Bernard really is a good guy. It’s just his priorities are out of whack. He needs a little help—a little magical help—who whack them right again.

Flora warms to the task. She’s willing to use just about everything in her bag of wishes (unlimited here; the whole three-wish limit is a myth, Flora says) to patch this fractured family back together.

But while the material wishes that Flora whips up are great and all (and they do indeed help—at least when it comes to Eve), it’s pretty obvious from the get-go that no dollhouse, no matter how big, will instantly fix the deeper relational fractures here. No, for that, Bernard needs to spend time with Eve. And so he does.

Denée is a more difficult mark. She’s not going to be charmed by extravagant gifts or a little extra time. She needs more from Bernard. And Bernard and Flora work hard to figure out what that “more” might look like.

As the film goes on, Flora notices something rather interesting about Bernard: All of his wishes (well, most of them, at any rate), are centered on other people. Bernard is no Scrooge-like character in need of a character overhaul; instead, he’s almost always thinking of others. And by the end of the film, he’s thinking of what he can do for Flora, too—leading to a predictable but heartwarming decision.

Spiritual Elements

As Bernard and Flora sit at a table surrounded by Manhattan bedecked for Christmas, Flora asks Bernard what Christmas is all about.

“It’s become really commercial, but originally it was meant to celebrate the birth of this guy—He’s called Jesus Christ.”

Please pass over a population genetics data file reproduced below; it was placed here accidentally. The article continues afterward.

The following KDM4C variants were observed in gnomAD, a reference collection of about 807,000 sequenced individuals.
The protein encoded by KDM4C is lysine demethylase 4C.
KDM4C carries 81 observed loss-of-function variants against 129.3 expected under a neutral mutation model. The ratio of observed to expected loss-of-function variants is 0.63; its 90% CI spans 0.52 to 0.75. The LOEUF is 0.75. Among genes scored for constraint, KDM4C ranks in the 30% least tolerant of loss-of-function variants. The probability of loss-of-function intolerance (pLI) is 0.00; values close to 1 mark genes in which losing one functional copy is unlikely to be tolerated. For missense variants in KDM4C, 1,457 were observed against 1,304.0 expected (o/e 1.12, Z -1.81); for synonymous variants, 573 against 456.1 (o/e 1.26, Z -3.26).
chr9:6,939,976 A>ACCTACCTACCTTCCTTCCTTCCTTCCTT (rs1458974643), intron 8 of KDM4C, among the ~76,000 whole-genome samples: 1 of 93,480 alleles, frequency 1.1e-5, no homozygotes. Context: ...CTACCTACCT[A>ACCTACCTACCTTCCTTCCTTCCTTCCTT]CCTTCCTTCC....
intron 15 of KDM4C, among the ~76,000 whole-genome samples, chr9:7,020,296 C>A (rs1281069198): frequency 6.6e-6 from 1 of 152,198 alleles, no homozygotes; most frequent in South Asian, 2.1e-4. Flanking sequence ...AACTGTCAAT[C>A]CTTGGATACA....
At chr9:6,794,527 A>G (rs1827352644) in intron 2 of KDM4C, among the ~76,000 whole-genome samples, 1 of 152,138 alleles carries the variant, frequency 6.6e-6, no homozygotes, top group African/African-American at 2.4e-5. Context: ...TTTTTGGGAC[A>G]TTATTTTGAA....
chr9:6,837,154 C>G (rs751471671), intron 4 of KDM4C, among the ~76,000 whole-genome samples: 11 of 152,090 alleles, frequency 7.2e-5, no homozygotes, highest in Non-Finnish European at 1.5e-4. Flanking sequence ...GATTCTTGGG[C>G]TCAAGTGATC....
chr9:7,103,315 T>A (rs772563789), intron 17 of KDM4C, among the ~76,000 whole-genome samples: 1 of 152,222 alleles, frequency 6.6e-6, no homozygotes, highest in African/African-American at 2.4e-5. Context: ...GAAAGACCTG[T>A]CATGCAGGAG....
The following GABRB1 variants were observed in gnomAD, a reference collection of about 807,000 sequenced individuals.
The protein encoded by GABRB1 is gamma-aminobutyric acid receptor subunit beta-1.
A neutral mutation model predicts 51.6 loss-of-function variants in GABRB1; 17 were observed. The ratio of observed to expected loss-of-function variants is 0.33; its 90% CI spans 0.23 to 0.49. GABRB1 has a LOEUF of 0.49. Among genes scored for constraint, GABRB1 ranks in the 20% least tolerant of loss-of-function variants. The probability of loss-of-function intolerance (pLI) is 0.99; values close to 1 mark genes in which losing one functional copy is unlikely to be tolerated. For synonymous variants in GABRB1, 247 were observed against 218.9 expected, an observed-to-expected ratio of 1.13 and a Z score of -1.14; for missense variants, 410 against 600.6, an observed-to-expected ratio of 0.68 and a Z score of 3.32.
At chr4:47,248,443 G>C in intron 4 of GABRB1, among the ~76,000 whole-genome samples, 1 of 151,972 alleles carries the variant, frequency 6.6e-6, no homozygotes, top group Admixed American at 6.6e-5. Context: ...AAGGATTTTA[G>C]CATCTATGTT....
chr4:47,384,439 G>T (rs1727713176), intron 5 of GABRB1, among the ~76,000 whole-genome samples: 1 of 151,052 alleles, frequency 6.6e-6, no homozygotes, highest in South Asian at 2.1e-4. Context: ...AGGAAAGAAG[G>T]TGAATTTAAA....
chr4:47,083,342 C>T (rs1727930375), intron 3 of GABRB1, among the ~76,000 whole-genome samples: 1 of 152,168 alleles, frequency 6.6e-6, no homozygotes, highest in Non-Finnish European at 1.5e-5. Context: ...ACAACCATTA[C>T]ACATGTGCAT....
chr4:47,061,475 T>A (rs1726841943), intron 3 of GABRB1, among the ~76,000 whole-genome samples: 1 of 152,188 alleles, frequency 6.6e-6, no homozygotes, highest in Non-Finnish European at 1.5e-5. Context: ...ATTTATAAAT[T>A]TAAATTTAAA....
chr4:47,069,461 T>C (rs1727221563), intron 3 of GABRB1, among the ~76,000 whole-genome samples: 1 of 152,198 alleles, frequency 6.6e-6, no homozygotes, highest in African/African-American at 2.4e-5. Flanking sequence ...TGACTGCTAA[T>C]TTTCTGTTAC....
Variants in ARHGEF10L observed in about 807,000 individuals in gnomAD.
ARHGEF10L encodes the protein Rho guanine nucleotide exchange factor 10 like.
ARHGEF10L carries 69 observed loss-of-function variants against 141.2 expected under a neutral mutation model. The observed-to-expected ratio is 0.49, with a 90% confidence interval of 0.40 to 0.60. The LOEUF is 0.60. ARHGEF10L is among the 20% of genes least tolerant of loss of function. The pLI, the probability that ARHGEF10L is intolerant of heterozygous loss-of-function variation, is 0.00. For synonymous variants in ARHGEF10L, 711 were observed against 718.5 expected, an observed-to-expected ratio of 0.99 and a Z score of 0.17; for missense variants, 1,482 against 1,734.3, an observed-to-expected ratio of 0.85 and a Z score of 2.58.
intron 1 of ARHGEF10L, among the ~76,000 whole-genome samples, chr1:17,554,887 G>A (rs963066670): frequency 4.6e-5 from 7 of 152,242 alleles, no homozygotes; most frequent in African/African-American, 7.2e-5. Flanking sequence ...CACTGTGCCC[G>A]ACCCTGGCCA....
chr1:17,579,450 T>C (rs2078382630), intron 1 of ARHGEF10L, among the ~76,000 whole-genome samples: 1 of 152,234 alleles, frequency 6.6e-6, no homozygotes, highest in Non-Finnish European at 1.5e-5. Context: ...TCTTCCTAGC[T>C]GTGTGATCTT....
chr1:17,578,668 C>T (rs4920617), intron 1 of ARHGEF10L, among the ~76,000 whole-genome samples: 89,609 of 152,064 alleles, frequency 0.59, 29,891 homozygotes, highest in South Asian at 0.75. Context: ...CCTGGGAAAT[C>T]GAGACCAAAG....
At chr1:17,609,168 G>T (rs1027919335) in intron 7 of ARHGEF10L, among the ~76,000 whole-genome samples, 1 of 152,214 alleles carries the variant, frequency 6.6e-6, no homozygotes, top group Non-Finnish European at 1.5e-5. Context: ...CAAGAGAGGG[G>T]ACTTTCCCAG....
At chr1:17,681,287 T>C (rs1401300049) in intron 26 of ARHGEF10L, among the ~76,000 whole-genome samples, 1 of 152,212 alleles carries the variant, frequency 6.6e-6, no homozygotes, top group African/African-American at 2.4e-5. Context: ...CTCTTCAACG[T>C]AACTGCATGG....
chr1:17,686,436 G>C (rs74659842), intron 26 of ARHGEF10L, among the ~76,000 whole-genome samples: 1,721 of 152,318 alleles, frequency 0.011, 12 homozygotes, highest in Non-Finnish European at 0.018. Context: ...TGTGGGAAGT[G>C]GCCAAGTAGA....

“Jesus?” Flora says. “Are you talking about Mary’s kid?” Apparently, Flora knew Him back in the day—the last time she was out of the box—and she’s curious what He did to become such a big deal.

“He turned out to be the Son of God,” Bernard tells her.

“Oh,” Flora says. “I thought He was kidding.”

She goes on to talk about how financially “under-ambitious” Jesus was back in the day. She’d apparently witnessed a few of His miracles, including Peter’s nets being filled with fish. So she suggested that they open a restaurant, one perhaps named “Oh My Cod.” But alas, Flora says, “Goody two-shoes didn’t want anything to do with that.”

Flora brings up her “old pal JC” again. She tells Bernard that when he’s reading about Jesus in the “bibble” (Bernard corrects her pronunciation) and comes to the part of the multitude gathered before Him, he can think of her … for some reason that I’m not quite sure about.

When Bernard hosts his family for a holiday dinner, Bernard kindly offers his guests (courtesy Flora’s abilities, of course) three wishes of their own. One guest derisively wishes that her husband would “go to hell” during the festivities, and he promptly does. The wife reluctantly wishes him back, and he returns, smoking and a bit charred. He reports that the place is quite hot and that the devil looks like Ricky Gervais.

We see a Nativity scene as part of New York’s decorations. We learn that an evil wizard actually zapped Flora into the box in the first place, and she mulls going back in time to settle the score. A doorman fiddles with the bulb on an electric menorah.